The Department of Defense of United States on Monday (Oct. 13) published a report assessing climate-related impacts that will affect US military activities and infrastuctures. The DoD took a stronger stance on climate change compared with previous analyses, saying that “climate change will affect the Department of Defense’s ability to defend the Nation and poses immediate risks to US national security”.
It is not the first time the US military address the problem, but Monday’s report gives further details on how the army is planning to adapt. In its latest Quadriennial Defense Review, released in March, the Pentagon defined climate change a “threat multiplier” and “a critical component of future US defense strategy”, adding that it was preparing the military to operate in “the resource-stressed world of the future, where the frequency and severity of climate disasters continue to grow”. In June the Government Accountability Office recommended the Pentagon to set plans and deadlines in order to assess which US military bases are vulnerable to climate change. “We have nearly completed a baseline survey to assess the vulnerability of our military’s more than 7,000 bases, installations and other facilities,” Defense Secretary Chuck Hagel stated on Monday, presenting the new Climate Change Adaptation Roadmap at the Conference of the Defense Ministers of the Americas in Peru.“Drawing on these assessments, we will integrate climate change considerations into our planning, operations and training”, Hagel said.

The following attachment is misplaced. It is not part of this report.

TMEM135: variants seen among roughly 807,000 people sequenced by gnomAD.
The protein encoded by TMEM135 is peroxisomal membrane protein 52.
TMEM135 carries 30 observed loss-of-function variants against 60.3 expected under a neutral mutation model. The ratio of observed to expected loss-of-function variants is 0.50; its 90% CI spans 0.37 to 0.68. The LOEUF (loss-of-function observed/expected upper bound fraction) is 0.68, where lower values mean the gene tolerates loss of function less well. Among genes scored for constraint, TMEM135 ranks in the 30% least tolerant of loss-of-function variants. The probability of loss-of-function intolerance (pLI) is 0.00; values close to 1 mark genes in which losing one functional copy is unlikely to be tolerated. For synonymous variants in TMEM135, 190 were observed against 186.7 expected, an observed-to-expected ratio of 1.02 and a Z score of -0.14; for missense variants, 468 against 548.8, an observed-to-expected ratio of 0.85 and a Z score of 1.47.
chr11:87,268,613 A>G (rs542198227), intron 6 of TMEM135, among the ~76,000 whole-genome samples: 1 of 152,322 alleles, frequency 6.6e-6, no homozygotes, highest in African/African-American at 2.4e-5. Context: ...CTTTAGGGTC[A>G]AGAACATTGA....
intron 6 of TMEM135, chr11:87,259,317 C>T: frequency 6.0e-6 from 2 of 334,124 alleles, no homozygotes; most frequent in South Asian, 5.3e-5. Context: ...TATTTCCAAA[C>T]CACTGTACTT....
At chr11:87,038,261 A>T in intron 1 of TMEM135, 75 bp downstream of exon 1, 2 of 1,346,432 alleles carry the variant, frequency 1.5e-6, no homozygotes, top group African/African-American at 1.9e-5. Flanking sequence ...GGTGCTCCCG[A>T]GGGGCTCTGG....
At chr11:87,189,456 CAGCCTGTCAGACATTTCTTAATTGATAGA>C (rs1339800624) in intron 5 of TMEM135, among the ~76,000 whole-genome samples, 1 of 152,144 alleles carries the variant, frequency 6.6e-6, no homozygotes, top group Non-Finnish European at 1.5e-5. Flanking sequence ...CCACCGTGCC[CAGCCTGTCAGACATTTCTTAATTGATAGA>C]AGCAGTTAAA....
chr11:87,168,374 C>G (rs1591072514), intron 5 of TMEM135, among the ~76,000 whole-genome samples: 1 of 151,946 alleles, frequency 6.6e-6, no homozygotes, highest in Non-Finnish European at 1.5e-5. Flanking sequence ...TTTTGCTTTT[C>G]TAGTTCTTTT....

The roadmap [pdf] provides a detailed list of how the changing climate affects the Department’s operations, training and testing, infrastructures, acquisition and supply chain of equipment and services. In order to address those risks, the DoD said a review of directives, manuals and guidance documents is already underway, and new criteria have already been applied in rebuilding damaged infrastuctures, such as “upgrading to more wind-resistant structures, buring utility lines underground, changing storage locations for chemicals used in low-lying wastewater treatment plants, protecting water supply wells, and removing vulnerable trees”. In the document, the DoD said it will “continue efforts to intergate climate considerations into programs, operations, plans and processes”, and it will “promote delinerate collaboration with stakeholders”, including “Federal, State, local, tribal and international agencies and organizations”, in addressing climate change challenges. “The Department cannot effectively assess its vulnerabilities and implement adaptive responses at its installations if neighboring communities are not part of the process”, the report says. “The Department’s decisions and those of neighboring communities are intrinsecally interconnected”.